The way we register to vote has changed
The registration system changed in June 2014. The new system is called ‘Individual Electoral Registration’ (IER) and is the biggest change to the voter registration system in 100 years.
Getting a mortgage is just one reason you need to be on the electoral register. Having the right to vote is another.
- If you are not registered, you will not be able to vote at Elections.
- It is a legal requirement to register, with a maximum fine of £1,000 for failure to do so. Many of the major credit firms check your address against the Electoral Register and you may be refused a loan, mobile phone agreement, mortgage, bank account etc.
It is your chance to have your say. Your vote counts, use it!
Who can register?
You can register to vote if you are:
Resident (usually live) in Wales and aged 14 or over (but you will not be able to vote in Senedd elections until you are 16 or vote in UK Parliamentary, local council or Police and Crime Commissioner elections until you are 18 if eligible).
You must also be either:
- A British, Irish or European Union Citizen, or
- A qualifying Commonwealth citizen or foreign citizen who has leave to enter or remain in the UK, or who does not require such leave.
You can register online here
It will be too late to complain on polling day if you discover you are not able to vote. Exercise your right by ensuring your name is included on the register.
Remember, if you are not on the Electoral Register you will NOT be able to vote at any Election.
For more information on Voting and how to register to vote please visit Elections - Voting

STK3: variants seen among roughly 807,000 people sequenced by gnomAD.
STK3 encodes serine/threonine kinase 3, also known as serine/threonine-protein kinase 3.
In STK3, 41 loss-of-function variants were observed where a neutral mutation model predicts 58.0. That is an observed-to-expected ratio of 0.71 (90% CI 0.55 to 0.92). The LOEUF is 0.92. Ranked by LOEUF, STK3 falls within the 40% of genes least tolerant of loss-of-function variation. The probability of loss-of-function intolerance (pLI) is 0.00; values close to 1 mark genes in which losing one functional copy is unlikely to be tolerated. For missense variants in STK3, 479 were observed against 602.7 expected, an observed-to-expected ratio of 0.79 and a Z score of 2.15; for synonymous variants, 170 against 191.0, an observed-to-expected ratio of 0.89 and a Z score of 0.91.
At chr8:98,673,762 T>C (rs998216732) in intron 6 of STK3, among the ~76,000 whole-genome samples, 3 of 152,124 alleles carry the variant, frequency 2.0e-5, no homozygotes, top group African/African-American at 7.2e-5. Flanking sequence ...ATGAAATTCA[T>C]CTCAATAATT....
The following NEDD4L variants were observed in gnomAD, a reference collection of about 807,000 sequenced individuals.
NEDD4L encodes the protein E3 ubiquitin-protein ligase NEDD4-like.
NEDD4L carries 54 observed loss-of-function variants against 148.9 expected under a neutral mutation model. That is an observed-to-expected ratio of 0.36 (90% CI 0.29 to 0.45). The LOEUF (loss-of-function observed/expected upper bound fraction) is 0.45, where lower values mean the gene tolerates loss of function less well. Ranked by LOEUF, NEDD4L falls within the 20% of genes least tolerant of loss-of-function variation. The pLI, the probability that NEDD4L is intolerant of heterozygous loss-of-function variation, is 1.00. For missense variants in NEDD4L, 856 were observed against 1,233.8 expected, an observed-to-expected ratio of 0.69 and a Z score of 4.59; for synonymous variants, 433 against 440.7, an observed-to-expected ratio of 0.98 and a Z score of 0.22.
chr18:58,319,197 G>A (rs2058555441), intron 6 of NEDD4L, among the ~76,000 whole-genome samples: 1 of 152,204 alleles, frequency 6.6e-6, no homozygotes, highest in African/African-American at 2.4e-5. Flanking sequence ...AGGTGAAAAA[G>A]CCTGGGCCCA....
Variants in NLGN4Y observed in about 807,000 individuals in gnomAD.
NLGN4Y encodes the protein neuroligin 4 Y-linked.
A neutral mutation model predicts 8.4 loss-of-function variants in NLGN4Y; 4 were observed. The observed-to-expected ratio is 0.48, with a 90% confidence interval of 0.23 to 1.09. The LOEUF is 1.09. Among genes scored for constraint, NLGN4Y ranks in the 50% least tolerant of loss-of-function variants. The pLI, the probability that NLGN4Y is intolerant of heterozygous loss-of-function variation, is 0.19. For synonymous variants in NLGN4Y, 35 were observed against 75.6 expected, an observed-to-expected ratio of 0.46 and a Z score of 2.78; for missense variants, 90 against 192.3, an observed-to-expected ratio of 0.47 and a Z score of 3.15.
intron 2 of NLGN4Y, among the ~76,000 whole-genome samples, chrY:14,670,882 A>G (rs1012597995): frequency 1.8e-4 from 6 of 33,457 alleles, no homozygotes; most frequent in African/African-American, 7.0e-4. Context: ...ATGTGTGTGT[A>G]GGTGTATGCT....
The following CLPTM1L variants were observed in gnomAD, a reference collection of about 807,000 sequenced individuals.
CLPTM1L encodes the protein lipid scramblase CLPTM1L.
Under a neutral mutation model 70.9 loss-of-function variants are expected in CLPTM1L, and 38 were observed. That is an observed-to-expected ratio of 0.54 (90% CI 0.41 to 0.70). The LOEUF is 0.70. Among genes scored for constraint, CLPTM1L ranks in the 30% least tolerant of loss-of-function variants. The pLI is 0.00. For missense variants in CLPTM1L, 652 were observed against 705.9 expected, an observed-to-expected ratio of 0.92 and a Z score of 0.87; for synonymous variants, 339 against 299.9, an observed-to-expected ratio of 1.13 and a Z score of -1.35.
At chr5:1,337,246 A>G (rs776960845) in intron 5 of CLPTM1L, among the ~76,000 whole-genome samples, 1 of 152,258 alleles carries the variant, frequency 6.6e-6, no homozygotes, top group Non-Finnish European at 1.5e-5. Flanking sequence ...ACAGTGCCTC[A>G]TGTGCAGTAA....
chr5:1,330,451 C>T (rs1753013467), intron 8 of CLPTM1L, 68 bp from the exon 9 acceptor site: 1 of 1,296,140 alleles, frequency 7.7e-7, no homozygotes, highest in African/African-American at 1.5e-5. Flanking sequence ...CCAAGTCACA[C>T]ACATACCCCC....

How do I register under IER and what information do I need?
- Go to www.gov.uk/register-to-vote
- Fill in your name, address, date of birth and a few other details. You’ll also need your National Insurance number, which can be found on your National Insurance card, or in official paperwork such as payslips, or letters about benefits or tax credits
- Look out for a confirmation to say you’re registered
Alternatively, you can request a paper application form or register via telephone by contacting Electoral Services on 01443 490100.
The Electoral Register
Registers are managed locally by Electoral Registration Officers. Using information received from the public, registration officers keep two registers – the Electoral Register and the Open Register (also known as the edited register).
The electoral register lists the names and addresses of everyone who is registered to vote in public elections. The register is used for electoral purposes such as making sure only eligible people can vote. It is also used for other limited purposes specified in law, such as detecting crime (e.g., fraud), calling people for jury service and checking credit applications.
For a list of FAQ's please view our frequently asked questions page.
The Open Register
The Open Register is an extract of the Electoral Register, but is not used for elections. It can be bought by any person, company or organisation. For example, it is used by businesses and charities to confirm name and address details.
Your name and address will be included in the open register unless you ask for them to be removed (this is called opting-out). Removing your details from the open register does not affect your right to vote. You can ask for them to be removed by contacting Electoral Services on 01443 490100 or emailing email@example.com
The Old Courthouse
Tel: 01443 490100